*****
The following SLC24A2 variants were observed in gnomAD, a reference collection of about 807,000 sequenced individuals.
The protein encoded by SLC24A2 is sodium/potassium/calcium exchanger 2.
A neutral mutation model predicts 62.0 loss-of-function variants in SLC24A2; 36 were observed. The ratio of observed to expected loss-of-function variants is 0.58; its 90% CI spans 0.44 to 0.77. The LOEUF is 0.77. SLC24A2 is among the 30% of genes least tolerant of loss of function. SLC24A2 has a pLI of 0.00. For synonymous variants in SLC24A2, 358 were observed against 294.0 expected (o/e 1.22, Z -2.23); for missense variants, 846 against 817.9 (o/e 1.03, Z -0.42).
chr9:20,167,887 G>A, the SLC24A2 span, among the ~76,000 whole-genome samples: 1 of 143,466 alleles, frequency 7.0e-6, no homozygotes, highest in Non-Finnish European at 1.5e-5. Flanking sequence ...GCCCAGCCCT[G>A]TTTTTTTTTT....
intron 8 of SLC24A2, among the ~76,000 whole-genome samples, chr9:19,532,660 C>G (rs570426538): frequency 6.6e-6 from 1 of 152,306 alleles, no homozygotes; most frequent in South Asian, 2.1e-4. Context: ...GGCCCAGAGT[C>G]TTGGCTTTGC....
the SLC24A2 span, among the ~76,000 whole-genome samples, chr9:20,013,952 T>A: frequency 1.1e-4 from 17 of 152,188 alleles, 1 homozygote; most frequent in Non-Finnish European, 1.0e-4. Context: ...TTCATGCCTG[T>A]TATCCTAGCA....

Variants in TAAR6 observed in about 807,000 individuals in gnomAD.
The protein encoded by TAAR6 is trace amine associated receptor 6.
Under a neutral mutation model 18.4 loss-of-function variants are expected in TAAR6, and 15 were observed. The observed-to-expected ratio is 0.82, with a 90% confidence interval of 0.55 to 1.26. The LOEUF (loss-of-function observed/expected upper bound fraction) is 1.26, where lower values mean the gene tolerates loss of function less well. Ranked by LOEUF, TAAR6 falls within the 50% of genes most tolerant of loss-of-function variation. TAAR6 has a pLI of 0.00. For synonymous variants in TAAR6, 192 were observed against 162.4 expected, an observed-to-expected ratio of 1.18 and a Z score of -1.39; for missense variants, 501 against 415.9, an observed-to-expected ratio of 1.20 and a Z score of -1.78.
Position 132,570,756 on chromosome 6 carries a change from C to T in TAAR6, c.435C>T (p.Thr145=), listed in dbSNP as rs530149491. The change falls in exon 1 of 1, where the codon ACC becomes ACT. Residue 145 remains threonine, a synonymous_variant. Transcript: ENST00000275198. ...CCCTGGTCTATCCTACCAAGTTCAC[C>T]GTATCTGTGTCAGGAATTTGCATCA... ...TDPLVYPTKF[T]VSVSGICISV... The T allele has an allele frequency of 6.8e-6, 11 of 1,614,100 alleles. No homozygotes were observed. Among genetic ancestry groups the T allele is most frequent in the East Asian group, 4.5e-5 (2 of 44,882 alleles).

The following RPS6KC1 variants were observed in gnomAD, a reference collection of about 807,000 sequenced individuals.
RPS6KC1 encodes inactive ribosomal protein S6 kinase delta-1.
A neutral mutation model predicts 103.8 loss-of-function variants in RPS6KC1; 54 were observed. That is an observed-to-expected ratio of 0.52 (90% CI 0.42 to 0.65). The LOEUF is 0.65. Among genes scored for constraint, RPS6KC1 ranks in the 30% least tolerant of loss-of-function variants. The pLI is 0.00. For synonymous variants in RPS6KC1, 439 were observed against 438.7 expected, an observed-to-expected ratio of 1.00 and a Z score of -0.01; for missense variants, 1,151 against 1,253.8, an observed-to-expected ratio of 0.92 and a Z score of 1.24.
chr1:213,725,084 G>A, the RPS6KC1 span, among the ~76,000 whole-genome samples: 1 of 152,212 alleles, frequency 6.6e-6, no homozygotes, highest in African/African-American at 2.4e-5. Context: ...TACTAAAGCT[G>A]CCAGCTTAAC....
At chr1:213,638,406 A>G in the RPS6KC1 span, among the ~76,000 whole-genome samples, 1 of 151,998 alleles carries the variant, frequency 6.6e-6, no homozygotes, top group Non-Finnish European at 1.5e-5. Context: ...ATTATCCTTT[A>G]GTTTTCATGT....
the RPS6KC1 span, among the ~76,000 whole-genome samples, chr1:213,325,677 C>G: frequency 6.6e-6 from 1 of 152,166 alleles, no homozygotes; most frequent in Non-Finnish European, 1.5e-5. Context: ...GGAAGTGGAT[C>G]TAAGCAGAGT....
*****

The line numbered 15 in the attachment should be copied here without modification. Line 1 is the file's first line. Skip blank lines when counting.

At chr1:213,638,406 A>G in the RPS6KC1 span, among the ~76,000 whole-genome samples, 1 of 151,998 alleles carries the variant, frequency 6.6e-6, no homozygotes, top group Non-Finnish European at 1.5e-5. Context: ...ATTATCCTTT[A>G]GTTTTCATGT....